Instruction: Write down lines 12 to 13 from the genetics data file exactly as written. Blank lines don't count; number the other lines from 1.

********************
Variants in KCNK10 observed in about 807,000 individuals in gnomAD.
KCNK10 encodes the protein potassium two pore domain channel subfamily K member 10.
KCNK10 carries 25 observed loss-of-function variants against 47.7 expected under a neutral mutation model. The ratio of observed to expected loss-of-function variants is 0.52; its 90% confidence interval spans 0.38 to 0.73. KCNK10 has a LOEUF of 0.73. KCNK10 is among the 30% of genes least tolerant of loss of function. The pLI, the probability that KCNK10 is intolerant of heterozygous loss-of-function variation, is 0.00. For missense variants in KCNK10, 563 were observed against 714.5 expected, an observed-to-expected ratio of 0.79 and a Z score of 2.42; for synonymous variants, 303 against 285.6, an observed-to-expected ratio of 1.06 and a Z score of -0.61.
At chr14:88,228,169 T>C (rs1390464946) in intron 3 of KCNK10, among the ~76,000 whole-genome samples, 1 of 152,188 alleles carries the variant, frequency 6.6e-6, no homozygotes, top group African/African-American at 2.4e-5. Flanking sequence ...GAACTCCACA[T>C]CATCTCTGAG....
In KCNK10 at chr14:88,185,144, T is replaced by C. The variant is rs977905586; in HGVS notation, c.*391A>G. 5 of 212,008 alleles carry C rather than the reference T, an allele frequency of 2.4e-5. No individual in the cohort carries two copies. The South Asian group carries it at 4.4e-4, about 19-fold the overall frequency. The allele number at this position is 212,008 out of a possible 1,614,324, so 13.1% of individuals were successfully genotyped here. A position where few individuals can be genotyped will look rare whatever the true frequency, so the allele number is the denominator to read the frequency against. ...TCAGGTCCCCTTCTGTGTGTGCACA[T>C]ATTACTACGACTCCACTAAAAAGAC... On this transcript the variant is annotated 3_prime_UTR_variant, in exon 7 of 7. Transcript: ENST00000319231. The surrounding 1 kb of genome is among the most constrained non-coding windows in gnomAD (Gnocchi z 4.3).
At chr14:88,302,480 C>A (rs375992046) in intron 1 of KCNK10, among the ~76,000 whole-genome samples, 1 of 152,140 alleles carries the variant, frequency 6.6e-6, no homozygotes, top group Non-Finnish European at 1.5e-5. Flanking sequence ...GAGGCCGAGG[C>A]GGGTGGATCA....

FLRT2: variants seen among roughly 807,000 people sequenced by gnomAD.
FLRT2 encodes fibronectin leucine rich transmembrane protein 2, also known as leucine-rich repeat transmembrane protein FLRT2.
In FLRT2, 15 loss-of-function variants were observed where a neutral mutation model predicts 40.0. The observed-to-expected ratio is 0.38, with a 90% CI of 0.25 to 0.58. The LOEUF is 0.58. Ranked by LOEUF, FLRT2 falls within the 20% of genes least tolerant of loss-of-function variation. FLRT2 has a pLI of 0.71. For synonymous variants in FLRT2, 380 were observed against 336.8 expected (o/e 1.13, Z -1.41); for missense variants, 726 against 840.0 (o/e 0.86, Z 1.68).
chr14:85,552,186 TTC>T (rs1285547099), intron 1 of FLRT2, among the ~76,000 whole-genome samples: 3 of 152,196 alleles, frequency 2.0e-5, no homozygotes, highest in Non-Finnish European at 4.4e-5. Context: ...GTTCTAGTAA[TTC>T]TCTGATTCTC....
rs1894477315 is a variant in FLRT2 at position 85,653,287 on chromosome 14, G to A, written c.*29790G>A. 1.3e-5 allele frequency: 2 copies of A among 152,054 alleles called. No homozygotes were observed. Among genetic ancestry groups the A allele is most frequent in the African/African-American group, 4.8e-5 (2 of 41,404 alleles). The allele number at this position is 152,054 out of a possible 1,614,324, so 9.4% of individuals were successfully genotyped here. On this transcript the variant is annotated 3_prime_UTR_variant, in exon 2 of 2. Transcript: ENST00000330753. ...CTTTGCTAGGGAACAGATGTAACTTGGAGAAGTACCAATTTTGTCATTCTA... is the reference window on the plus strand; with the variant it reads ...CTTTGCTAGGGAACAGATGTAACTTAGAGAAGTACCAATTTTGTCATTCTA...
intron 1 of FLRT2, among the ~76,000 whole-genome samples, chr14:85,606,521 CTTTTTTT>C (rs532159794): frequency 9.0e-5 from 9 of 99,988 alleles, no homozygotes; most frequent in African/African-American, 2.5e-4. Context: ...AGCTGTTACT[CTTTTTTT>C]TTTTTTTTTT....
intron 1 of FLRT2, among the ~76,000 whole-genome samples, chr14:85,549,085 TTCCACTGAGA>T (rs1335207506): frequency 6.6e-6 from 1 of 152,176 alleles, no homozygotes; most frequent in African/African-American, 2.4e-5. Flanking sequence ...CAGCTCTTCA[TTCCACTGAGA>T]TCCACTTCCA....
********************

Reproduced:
intron 1 of FLRT2, among the ~76,000 whole-genome samples, chr14:85,606,521 CTTTTTTT>C (rs532159794): frequency 9.0e-5 from 9 of 99,988 alleles, no homozygotes; most frequent in African/African-American, 2.5e-4. Context: ...AGCTGTTACT[CTTTTTTT>C]TTTTTTTTTT....
intron 1 of FLRT2, among the ~76,000 whole-genome samples, chr14:85,549,085 TTCCACTGAGA>T (rs1335207506): frequency 6.6e-6 from 1 of 152,176 alleles, no homozygotes; most frequent in African/African-American, 2.4e-5. Flanking sequence ...CAGCTCTTCA[TTCCACTGAGA>T]TCCACTTCCA....